It is rare for someone of Mr. Babbitt’s stature to use such caustic language about a sitting president from his own party. But he was reflecting growing concern — which we share — that the president and his top aides have decided for political reasons to back away from the fight. In recent months the White House has been far too quiet on the problem of climate change, and its once-promising efforts to regulate industrial pollution, toxic coal ash and mountaintop mining are flagging.
…Mr. Babbitt’s main complaint involved Mr. Obama’s failure to do more to conserve open space and protect sensitive areas threatened by imminent development. He was particularly dismayed by the White House’s acceptance of a Republican budget rider — pushed by the oil and gas industry — undercutting the Interior Department’s authority to identify and set aside valuable public lands for future designation as permanent wilderness.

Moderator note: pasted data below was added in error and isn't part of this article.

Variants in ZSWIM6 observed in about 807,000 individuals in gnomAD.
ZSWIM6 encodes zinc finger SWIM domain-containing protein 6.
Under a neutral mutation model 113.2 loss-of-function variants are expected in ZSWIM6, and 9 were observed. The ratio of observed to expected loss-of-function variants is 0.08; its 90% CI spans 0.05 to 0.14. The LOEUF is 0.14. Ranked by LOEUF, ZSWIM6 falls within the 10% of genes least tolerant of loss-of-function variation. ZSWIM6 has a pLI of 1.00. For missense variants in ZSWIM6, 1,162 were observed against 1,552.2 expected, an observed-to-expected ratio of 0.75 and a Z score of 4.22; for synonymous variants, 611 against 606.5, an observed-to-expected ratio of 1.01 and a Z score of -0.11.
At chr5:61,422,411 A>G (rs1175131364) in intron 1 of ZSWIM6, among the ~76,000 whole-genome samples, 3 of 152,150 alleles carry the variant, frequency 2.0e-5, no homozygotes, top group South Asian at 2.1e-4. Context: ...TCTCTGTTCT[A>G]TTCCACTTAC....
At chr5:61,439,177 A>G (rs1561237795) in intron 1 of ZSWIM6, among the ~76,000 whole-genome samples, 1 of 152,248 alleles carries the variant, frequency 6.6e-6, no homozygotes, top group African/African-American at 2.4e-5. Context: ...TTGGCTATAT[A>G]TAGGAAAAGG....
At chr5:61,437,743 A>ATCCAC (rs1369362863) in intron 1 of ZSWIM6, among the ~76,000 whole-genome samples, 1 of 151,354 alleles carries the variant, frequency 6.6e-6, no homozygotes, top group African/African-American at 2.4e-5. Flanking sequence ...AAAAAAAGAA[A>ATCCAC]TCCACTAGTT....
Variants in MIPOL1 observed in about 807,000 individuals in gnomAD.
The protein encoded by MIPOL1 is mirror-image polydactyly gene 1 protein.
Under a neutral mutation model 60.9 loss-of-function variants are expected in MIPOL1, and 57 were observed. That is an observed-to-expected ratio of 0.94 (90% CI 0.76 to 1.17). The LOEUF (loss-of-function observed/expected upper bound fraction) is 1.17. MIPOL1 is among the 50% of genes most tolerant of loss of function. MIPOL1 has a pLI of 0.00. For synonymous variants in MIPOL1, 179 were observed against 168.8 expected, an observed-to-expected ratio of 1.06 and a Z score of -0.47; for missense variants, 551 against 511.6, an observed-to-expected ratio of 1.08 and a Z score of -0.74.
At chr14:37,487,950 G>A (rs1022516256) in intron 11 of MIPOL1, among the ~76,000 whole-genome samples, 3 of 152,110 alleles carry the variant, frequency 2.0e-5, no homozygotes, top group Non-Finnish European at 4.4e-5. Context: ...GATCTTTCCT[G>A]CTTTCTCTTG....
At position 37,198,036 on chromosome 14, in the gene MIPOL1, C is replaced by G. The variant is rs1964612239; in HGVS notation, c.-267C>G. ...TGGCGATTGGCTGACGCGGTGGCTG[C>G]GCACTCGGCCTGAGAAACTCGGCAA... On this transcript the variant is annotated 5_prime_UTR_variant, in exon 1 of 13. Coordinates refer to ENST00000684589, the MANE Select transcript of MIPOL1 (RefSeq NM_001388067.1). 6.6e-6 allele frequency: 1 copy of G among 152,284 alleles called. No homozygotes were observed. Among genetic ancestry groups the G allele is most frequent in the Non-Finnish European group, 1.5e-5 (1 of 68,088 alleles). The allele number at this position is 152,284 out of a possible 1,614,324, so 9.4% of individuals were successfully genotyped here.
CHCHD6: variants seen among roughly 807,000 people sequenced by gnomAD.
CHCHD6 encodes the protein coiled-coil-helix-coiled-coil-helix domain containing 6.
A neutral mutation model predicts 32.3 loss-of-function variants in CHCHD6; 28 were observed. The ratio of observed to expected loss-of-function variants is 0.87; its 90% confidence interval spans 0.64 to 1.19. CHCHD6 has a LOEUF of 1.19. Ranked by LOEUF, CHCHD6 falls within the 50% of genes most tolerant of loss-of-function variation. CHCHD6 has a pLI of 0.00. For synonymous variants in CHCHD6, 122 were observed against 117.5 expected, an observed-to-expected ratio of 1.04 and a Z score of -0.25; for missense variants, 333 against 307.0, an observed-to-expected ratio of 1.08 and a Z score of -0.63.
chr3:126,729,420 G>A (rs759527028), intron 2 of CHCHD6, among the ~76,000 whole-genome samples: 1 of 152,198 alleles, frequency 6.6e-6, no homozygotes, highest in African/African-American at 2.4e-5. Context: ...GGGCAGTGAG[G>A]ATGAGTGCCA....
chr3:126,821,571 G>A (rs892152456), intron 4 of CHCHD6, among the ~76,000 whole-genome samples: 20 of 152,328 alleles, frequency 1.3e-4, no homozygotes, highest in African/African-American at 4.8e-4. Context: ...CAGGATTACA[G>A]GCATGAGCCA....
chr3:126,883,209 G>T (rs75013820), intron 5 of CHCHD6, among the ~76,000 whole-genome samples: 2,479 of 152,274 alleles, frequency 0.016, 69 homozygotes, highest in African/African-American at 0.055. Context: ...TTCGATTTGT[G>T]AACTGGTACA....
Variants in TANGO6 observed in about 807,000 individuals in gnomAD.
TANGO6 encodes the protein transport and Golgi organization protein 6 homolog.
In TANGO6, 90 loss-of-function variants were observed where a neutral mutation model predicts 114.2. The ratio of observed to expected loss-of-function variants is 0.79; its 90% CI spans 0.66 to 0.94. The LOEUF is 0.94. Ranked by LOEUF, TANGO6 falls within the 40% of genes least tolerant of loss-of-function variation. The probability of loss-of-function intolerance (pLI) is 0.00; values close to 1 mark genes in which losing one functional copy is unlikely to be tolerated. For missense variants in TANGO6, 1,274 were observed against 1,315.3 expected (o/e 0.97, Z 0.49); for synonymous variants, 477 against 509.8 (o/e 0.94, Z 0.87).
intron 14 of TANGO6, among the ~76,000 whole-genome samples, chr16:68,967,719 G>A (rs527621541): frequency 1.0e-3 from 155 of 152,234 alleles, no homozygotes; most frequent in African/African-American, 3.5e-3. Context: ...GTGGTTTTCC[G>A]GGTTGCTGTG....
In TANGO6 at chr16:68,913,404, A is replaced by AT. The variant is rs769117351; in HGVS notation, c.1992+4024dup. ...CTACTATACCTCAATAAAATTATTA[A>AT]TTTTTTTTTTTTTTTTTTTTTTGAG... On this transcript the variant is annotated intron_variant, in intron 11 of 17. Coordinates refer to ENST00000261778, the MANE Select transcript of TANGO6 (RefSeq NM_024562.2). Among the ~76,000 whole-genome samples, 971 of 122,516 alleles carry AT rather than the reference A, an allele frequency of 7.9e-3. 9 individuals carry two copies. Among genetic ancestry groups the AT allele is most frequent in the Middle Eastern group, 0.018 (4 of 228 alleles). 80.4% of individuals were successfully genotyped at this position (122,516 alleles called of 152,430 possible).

…Mr. Babbitt also said President Obama should emulate President Bill Clinton, Mr. Babbitt’s old boss, who faced similar opposition after the 1994 Republican revolution but came roaring back. After wavering for a while, he seized the lead on conservation issues and threatened to veto all anti-environmental legislation. The public supported him; the Republicans retreated. It is sound advice.